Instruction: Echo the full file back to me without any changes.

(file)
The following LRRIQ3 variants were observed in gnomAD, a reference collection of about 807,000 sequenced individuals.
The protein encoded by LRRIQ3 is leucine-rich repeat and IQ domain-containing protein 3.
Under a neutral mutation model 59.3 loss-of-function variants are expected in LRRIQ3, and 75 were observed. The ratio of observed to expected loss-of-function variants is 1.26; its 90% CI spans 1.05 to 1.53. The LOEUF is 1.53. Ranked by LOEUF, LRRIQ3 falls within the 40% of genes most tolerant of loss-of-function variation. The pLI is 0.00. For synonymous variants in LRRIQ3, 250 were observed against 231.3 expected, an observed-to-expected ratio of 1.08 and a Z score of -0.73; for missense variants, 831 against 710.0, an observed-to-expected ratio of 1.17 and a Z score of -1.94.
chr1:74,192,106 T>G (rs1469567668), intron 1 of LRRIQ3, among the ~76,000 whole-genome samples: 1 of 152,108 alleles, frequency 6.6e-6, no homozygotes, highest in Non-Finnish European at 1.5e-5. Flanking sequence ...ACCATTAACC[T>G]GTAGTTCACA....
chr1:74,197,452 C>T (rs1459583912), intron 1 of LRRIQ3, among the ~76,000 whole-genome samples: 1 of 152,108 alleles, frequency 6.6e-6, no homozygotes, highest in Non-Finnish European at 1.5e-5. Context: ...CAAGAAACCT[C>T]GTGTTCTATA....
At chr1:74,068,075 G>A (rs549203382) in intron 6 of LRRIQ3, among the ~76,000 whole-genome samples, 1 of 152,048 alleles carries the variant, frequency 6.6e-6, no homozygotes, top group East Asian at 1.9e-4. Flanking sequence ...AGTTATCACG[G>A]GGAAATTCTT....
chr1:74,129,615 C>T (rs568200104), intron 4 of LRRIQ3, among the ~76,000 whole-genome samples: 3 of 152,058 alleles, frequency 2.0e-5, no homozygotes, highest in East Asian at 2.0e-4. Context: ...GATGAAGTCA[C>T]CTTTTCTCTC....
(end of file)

The following LRRIQ3 variants were observed in gnomAD, a reference collection of about 807,000 sequenced individuals.
The protein encoded by LRRIQ3 is leucine-rich repeat and IQ domain-containing protein 3.
Under a neutral mutation model 59.3 loss-of-function variants are expected in LRRIQ3, and 75 were observed. The ratio of observed to expected loss-of-function variants is 1.26; its 90% CI spans 1.05 to 1.53. The LOEUF is 1.53. Ranked by LOEUF, LRRIQ3 falls within the 40% of genes most tolerant of loss-of-function variation. The pLI is 0.00. For synonymous variants in LRRIQ3, 250 were observed against 231.3 expected, an observed-to-expected ratio of 1.08 and a Z score of -0.73; for missense variants, 831 against 710.0, an observed-to-expected ratio of 1.17 and a Z score of -1.94.
chr1:74,192,106 T>G (rs1469567668), intron 1 of LRRIQ3, among the ~76,000 whole-genome samples: 1 of 152,108 alleles, frequency 6.6e-6, no homozygotes, highest in Non-Finnish European at 1.5e-5. Flanking sequence ...ACCATTAACC[T>G]GTAGTTCACA....
chr1:74,197,452 C>T (rs1459583912), intron 1 of LRRIQ3, among the ~76,000 whole-genome samples: 1 of 152,108 alleles, frequency 6.6e-6, no homozygotes, highest in Non-Finnish European at 1.5e-5. Context: ...CAAGAAACCT[C>T]GTGTTCTATA....
At chr1:74,068,075 G>A (rs549203382) in intron 6 of LRRIQ3, among the ~76,000 whole-genome samples, 1 of 152,048 alleles carries the variant, frequency 6.6e-6, no homozygotes, top group East Asian at 1.9e-4. Flanking sequence ...AGTTATCACG[G>A]GGAAATTCTT....
chr1:74,129,615 C>T (rs568200104), intron 4 of LRRIQ3, among the ~76,000 whole-genome samples: 3 of 152,058 alleles, frequency 2.0e-5, no homozygotes, highest in East Asian at 2.0e-4. Context: ...GATGAAGTCA[C>T]CTTTTCTCTC....